Is Squatting Bad for Your Knees?

SquattingWhen it comes to squatting, it is likely you have heard “don’t let your knees go past your toes” or “deep squats are bad for your knees.” The good news is, those are myths, and we should not fear these movements!

Myth #1: Squats Past 90 Degrees are Bad for Your Knees

First, squatting (especially deep squatting) is a vital movement from when we are born (at least when we start standing and walking). Watch kids squat, they have excellent form, and we should be able to perform squats most of our life. It has been recommended to perform half or quarter squats to avoid injury, despite the research revealing that is not completely true. In a recent study, the authors looked at different depths of squats to see if there was more risk for injury when squatting past 90 degrees of knee flexion. What they found is that there is no evidence that squatting, especially below 90 degrees, is damaging to knees.

Myth #2: Squatting with Your Knees Over Toes is Bad for Your Knees

Secondly, for those who fear squatting with knees over toes, that is also a functional movement we do every day from getting up out of a chair or going downstairs! I have seen many clients in the clinic where squatting with knees over toes can be uncomfortable or painful. That is common to see. So, what happens when we squat with knees over toes? Your knees go past your toes! But also, it adds more tension at your knee joint, in which your quadriceps (thigh muscles) must work harder to do that movement. Is that extra tension bad? As with most things, too much of anything your body is not ready for will lead to pain or discomfort.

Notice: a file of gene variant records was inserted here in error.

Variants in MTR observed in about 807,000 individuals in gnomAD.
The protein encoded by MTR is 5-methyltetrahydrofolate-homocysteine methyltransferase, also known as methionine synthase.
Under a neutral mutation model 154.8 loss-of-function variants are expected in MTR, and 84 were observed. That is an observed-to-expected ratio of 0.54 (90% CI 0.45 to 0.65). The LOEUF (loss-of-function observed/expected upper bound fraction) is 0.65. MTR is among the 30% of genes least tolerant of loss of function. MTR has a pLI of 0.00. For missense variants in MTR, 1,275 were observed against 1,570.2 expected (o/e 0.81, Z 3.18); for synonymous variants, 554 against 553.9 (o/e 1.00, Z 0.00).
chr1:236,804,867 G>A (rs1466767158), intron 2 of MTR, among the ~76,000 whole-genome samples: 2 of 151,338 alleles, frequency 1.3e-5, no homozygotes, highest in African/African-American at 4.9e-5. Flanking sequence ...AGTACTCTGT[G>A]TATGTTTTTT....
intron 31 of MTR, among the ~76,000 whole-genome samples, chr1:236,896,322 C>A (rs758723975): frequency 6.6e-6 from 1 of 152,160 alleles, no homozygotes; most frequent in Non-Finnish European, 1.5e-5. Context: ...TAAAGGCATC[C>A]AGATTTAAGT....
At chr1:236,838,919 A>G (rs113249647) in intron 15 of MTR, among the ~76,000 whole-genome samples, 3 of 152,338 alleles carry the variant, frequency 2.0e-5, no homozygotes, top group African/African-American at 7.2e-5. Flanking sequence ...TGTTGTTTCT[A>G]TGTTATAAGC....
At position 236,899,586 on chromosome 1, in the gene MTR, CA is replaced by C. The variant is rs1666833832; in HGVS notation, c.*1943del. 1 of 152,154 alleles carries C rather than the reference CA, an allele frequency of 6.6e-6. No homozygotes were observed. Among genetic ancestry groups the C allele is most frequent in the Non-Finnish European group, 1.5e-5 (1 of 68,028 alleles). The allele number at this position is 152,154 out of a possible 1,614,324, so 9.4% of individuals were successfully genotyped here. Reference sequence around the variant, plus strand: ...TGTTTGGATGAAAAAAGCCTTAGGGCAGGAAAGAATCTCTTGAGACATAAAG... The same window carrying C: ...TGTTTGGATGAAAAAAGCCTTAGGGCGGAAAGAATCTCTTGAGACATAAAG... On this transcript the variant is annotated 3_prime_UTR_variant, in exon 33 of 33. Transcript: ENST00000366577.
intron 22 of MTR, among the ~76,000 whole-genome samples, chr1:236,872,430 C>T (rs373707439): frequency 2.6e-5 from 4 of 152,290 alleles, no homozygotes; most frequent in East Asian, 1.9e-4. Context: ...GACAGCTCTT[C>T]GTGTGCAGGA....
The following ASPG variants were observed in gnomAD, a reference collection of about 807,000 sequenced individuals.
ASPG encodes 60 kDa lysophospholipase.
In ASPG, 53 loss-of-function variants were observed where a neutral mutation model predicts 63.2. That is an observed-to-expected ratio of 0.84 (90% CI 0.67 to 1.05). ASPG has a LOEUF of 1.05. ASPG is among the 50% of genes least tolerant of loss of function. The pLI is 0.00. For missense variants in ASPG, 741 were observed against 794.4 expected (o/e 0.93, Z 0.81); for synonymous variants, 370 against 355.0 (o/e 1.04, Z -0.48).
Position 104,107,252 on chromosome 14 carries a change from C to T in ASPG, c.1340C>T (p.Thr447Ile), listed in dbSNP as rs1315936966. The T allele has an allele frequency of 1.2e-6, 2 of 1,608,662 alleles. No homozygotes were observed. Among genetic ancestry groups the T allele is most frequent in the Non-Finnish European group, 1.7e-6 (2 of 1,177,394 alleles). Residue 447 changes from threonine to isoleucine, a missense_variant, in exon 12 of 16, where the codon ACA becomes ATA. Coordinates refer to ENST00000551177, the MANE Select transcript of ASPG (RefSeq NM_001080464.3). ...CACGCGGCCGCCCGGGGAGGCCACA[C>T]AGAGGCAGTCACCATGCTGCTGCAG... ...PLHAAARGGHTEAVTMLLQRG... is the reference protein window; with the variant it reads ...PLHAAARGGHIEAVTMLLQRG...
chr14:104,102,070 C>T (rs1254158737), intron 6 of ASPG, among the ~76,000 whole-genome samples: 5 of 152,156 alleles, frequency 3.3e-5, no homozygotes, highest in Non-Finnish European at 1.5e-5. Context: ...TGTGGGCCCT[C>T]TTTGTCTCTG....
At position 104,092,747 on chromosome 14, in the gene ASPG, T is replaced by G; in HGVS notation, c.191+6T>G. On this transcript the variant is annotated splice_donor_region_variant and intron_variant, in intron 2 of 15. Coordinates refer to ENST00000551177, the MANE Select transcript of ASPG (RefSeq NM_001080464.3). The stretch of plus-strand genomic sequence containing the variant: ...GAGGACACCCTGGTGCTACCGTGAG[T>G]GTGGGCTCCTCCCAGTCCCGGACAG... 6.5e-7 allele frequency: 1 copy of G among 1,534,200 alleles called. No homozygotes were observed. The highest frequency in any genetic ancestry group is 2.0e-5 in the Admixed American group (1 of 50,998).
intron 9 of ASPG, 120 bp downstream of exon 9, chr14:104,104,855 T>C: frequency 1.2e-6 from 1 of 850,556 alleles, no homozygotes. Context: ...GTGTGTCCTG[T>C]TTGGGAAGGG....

Our bodies may alert us if we are not ready for a movement if getting into a deep squat or having knees go over toes in a squat is difficult or painful. It may mean your body isn’t ready to do that… yet. It is something your body is capable of!  In addition, it is not impossible to load your knees when you have diagnoses like meniscal tears, ligamentous injuries, or chondromalacia patella (wear and tear of the cartilage under the knee cap). It may take a slower progression and approach with supervision to be able to do squats well! However, our bodies are resilient and very capable of getting stronger over time with ample load. That’s where making an appointment with an adult physical therapist at MOSAIC can safely help you to build tolerance to perform squats.

In conclusion, deep squatting or squatting with knees over toes is not damaging to our knees. It takes slowly progressing your legs to gain strength and control to perform movements that require squatting with less discomfort.

References:
Pallares JG, Cava AM, Courel-ibanez J, Gonazalez-baillo JJ, Moran-navarro R. Full squat produces greater neuromuscular and functional adaptations and lower pain than partial squats after prolonged resistance training. Eur J Sport Sci. 2020;20(1):115-124.
Hartman H, Wirth K, & Klusemann M. Analysis of the load on the knee joint and vertebral column with changes in squatting depth and weight load. Sports Med. 2013;43:993-1008.